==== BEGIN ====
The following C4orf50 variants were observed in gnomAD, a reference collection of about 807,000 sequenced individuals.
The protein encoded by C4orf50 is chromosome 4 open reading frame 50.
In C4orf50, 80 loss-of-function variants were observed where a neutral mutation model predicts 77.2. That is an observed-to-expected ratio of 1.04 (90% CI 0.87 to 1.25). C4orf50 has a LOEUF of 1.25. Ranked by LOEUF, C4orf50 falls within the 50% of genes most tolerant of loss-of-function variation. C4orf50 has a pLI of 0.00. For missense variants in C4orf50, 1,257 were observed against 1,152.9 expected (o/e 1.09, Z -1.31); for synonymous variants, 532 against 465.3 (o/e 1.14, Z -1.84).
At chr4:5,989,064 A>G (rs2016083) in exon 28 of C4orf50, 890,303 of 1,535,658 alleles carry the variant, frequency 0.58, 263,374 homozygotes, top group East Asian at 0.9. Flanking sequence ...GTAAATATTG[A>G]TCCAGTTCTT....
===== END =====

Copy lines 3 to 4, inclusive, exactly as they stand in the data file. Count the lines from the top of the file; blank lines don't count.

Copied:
In C4orf50, 80 loss-of-function variants were observed where a neutral mutation model predicts 77.2. That is an observed-to-expected ratio of 1.04 (90% CI 0.87 to 1.25). C4orf50 has a LOEUF of 1.25. Ranked by LOEUF, C4orf50 falls within the 50% of genes most tolerant of loss-of-function variation. C4orf50 has a pLI of 0.00. For missense variants in C4orf50, 1,257 were observed against 1,152.9 expected (o/e 1.09, Z -1.31); for synonymous variants, 532 against 465.3 (o/e 1.14, Z -1.84).
At chr4:5,989,064 A>G (rs2016083) in exon 28 of C4orf50, 890,303 of 1,535,658 alleles carry the variant, frequency 0.58, 263,374 homozygotes, top group East Asian at 0.9. Flanking sequence ...GTAAATATTG[A>G]TCCAGTTCTT....